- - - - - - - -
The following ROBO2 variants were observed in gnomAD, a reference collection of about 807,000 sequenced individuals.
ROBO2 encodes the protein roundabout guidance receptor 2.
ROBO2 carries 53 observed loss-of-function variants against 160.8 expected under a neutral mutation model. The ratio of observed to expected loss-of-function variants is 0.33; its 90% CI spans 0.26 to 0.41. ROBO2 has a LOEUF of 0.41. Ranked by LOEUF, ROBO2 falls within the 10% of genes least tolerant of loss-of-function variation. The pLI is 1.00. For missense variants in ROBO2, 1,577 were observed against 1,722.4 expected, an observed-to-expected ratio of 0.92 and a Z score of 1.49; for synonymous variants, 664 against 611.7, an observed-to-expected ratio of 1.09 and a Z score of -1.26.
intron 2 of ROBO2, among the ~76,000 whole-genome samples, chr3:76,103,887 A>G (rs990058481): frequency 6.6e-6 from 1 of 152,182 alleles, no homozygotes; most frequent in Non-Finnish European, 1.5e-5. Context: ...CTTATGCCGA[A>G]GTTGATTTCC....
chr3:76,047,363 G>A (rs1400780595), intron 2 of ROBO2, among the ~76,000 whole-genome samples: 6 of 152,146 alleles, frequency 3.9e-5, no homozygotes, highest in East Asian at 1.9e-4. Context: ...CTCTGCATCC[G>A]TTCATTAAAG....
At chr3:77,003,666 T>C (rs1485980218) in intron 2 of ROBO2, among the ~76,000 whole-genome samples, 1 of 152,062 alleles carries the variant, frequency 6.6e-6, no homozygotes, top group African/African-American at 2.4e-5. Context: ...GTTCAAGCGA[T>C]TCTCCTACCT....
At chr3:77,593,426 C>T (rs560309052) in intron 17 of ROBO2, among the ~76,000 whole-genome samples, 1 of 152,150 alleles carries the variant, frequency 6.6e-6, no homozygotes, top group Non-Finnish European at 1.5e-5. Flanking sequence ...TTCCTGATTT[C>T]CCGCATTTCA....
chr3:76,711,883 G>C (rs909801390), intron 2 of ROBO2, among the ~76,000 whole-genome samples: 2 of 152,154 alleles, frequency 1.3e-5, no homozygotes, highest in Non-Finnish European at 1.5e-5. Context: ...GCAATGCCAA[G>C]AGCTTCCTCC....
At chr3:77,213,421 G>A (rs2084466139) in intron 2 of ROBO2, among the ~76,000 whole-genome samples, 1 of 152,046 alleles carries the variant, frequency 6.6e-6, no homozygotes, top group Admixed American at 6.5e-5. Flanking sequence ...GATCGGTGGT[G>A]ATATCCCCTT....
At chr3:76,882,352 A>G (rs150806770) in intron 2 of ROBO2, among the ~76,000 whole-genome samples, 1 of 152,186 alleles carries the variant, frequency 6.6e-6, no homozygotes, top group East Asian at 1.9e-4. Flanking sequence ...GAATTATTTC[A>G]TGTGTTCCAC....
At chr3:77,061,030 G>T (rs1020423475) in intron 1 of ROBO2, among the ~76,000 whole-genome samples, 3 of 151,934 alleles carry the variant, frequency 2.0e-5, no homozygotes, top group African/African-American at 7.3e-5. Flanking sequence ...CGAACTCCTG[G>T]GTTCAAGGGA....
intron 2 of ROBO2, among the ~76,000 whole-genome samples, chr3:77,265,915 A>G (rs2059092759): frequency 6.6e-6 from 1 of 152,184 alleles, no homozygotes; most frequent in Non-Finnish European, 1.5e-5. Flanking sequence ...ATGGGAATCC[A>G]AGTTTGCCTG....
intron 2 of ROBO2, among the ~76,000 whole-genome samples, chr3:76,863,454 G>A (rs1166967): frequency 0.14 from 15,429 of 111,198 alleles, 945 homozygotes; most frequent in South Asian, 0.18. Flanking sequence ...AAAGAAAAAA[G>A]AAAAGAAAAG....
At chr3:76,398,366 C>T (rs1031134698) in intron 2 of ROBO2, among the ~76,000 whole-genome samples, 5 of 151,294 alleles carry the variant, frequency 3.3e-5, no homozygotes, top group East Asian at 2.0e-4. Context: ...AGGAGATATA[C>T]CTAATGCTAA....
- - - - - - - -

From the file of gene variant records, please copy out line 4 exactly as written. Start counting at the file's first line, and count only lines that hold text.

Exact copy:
intron 2 of ROBO2, among the ~76,000 whole-genome samples, chr3:76,103,887 A>G (rs990058481): frequency 6.6e-6 from 1 of 152,182 alleles, no homozygotes; most frequent in Non-Finnish European, 1.5e-5. Context: ...CTTATGCCGA[A>G]GTTGATTTCC....